Road Trip to Paso Robles

Paso Robles Road Sign

My favorite road trip escape is the rolling wine country of Paso Robles, California

I call it “my happy place.” 

This sleepy, more-Western-than-thou landscape is set halfway between Los Angeles and San Francisco, and makes a great getaway on its own or as part of a journey around the state’s Central Coast. 

If you’re in the middle of saying to yourself, “Where/what the heck is Paso Robles?,” have no worries — you’re not alone. This San Luis Obispo County ranch-and-winery town is a pretty well-kept secret, even in California. It’s not for lack of beauty or things to do, it’s just a little out of the way.

Which is exactly why I like it. 

The rolling hills of Paso Robles

The rolling hills of Paso Robles

There’s a small private airport here, but unless you have your own plane, you’ll have to get here by car (via the 101 freeway and/or Highway 1) or train (via Amtrak’s Coast Starlight). Personally, I’d opt for the car route, for three reasons:

– Traveling from either the north or the south, the scenery is simply stunning
– The tree-, farm- and winery-lined backroads are a dream to drive
– Parking is plentiful and free everywhere you go

Just another view from Highway 1 in Big Sur

Just another view from Highway 1 in Big Sur


If you’re coming from the San Francisco area, the most direct route to Paso Robles is the 101 South to the 16th Street exit. The trip takes three hours and 30 minutes.

For the most scenic route from the Bay Area, though, turn off the 101 South onto Highway 156 West, then cruise onto the legendary coastal drive of Highway 1 South. Starting just south of Monterey near Carmel, this route will add at least an hour to your journey, but…

Best reasons to take Highway 1, Northern California edition:

You can stop for lunch in Big Sur. For the best views, choose between the indoor Post Ranch Inn, outdoor Nepenthe, or the Ragged Point Inn, for a bit of both. 


The back deck at Big Sur’s Ragged Point Inn

You can make a stop in San Simeon. I wouldn’t recommend visiting the famous Hearst Castle on a travel day (it requires a lot of energy), but do take a brief stop at the elephant seal rookery in Piedras Blancas. You won’t fully appreciate your own humanity until you’ve seen an enormous, hideous male elephant seal…who’s lookin’ for love. 


A male elephant seal on the prowl at the Piedras Blancas rookery

You can take a wander along the Pacific in Cambria. This Hobbit-esque beach community is just a half-hour shy of Paso, but taking a stroll along the seaside boardwalk on inn-lined Moonstone Drive might just help find a second wind after your long drive. Bonus points if you find an actual moonstone down on the pebbly shore.

The boardwalk at Cambria's  Moonstone Beach

The boardwalk at Cambria’s Moonstone Beach on a foggy day


The most direct route to Paso Robles from Los Angeles is the 101 North to the Spring Street exit, which also takes three hours and 30 minutes.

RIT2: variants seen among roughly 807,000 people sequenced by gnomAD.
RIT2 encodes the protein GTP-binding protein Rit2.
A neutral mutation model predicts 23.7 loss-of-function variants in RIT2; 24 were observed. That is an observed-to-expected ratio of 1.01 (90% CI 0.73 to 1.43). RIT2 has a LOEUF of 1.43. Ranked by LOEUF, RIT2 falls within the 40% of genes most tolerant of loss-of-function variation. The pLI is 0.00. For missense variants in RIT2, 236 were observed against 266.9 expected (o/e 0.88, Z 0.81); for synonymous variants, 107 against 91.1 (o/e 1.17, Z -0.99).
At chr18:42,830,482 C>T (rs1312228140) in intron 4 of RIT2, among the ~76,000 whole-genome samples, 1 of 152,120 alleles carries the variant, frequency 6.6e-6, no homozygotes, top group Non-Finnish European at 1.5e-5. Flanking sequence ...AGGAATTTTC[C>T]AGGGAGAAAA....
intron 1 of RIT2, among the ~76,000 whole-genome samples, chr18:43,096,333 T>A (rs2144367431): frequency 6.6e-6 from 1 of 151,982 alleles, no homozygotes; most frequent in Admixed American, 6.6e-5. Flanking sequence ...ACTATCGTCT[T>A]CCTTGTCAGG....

However, my favorite route to Paso from Los Angeles is a four-hour drive: hop on the 101 North, pick up Highway 1 at Morro Bay, then turn off on Highway 46. At the end of 46, pick up the 101 North again for a few exits. 

Best places to stop along the first leg of the 101 North: Santa Barbara or San Luis Obispo. The latter is adjacent to the delightfully wackadoodle Madonna Inn, which looks not unlike it was decorated by Walt Disney, Liberace and a woodworker with OCD. 

Some of the many delightfully wackadoodle design choices at San Luis Obispo's Madonna Inn

Just another dining room at San Luis Obispo’s Madonna Inn

Best reasons to take Highway 1, Southern California edition:

You can stop for lunch in Morro Bay. Right on the harborside Embarcadero, the big picture windows at The Galley allow kick-ass views of Morro Rock and the nearby dunes. The decor at this bright, airy little seafood place looks like it hasn’t changed much since the ’80s, but the kitchen turns out some damn fine fish tacos. 

Morro Rock from the Embarcadero at Morro Bay

Morro Rock from the Embarcadero at Morro Bay

You can cruise through the seaside village of Cayucos. The downtown drag, Ocean Avenue, is lined with mid-1800s storefronts and is only a half-block from the sand. If you want to stretch your legs, I’d recommend a stop at the Brown Butter Cookie Company (a second shop opened in 2013 in downtown Paso) and a short stroll to the beach. Back out on the 1, as you speed past the bay, take a listen to a fun, fittingly-named road trip song: “Cayucos.”


Best reason to take Highway 46 (two-way tie): 46 is my favorite road in California for its views over the hills and ocean. Halfway along it, I’d recommend a stop at Jack Creek Farms to have swirled combos of  apple cider slushees and pomegranate juice granitas.

And in advance, you’re welcome. 


Apple cider slushee + pomegranate granita at Jack Creek Farms

At the very end of Highway 46, pick up the 101 North, and take the Spring Street exit into downtown Paso Robles. Hopefully, you’ve allowed yourselves a long weekend…because there’s an awful lot of exploring, wine tasting and relaxing to do. 


Continued in
Exploring Downtown Paso Robles


  1. Halfway between SF and LA? Hmmm, how about we meet in the middle sometime then 😉

  2. Done and done, my oenophile friend!

  3. Sorry, but that video is so lame … would not motivate me to visit Cayucos, not at all.

  4. Fair enough, but I still love the song! And hey, if you don’t visit Cayucos, that just means more cookies for the rest of us. 🙂


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